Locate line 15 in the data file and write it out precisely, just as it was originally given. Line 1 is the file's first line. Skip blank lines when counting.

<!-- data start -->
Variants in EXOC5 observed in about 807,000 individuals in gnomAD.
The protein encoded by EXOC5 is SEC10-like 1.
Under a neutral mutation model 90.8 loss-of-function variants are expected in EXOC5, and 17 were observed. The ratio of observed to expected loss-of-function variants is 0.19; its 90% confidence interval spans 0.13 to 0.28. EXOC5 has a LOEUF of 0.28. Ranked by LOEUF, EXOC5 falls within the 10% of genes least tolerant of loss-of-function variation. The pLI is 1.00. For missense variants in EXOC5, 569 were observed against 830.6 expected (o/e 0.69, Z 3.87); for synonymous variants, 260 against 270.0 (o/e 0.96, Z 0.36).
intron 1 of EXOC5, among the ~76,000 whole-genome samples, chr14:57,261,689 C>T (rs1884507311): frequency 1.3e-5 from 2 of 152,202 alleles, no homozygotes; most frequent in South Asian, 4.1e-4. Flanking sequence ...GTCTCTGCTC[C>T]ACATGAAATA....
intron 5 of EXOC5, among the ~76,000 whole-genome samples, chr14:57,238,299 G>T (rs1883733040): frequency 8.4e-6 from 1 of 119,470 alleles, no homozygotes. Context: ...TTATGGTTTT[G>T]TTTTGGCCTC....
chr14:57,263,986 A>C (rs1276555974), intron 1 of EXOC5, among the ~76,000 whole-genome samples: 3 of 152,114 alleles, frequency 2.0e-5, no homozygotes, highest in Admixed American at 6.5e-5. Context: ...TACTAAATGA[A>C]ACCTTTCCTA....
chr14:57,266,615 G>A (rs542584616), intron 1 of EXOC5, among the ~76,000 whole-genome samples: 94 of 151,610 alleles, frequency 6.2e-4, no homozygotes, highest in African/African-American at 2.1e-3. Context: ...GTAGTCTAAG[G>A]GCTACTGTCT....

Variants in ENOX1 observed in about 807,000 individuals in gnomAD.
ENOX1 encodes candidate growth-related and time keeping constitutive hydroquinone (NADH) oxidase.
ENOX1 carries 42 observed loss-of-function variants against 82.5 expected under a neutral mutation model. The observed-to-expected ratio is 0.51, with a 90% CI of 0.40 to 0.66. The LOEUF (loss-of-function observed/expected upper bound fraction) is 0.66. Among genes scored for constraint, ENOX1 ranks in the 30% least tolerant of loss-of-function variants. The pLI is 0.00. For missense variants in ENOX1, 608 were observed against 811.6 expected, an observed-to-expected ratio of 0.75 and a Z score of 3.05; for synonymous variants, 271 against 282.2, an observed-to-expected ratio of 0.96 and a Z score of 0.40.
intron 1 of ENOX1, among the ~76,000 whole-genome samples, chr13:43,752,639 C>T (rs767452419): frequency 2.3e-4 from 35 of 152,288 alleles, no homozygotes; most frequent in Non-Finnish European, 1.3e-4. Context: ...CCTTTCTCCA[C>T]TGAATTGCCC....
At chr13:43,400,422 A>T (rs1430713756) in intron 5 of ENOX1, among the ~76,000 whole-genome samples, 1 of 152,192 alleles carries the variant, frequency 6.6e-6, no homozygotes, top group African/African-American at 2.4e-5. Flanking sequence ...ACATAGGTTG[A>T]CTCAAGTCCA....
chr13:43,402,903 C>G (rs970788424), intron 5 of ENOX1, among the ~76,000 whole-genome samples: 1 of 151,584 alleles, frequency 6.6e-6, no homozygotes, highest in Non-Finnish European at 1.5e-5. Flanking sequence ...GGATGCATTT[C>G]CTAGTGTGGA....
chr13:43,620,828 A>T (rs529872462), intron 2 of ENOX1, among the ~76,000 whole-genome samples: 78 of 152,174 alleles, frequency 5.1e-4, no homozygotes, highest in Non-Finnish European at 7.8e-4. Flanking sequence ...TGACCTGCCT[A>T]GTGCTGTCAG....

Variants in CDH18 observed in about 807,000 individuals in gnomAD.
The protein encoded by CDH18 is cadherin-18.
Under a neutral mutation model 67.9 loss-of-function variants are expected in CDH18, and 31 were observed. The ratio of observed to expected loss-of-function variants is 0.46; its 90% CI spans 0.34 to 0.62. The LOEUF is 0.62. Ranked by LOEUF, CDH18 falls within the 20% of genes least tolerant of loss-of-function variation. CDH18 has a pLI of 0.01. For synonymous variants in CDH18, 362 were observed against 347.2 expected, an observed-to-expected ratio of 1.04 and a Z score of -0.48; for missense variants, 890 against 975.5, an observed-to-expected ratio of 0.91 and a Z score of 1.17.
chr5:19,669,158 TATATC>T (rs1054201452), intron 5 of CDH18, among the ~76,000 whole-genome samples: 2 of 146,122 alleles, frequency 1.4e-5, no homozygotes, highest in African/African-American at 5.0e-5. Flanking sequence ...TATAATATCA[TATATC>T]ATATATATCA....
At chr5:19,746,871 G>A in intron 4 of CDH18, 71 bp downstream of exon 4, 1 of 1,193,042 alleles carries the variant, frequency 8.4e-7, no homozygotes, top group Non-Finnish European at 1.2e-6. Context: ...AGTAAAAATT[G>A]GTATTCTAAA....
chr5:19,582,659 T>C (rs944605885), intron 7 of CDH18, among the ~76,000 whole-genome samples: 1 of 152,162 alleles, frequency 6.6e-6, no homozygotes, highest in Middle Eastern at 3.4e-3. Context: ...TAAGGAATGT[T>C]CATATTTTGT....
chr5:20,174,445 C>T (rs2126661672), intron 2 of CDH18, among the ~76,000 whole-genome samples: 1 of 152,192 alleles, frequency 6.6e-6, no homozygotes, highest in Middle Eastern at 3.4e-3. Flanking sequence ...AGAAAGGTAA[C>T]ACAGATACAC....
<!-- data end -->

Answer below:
Variants in CDH18 observed in about 807,000 individuals in gnomAD.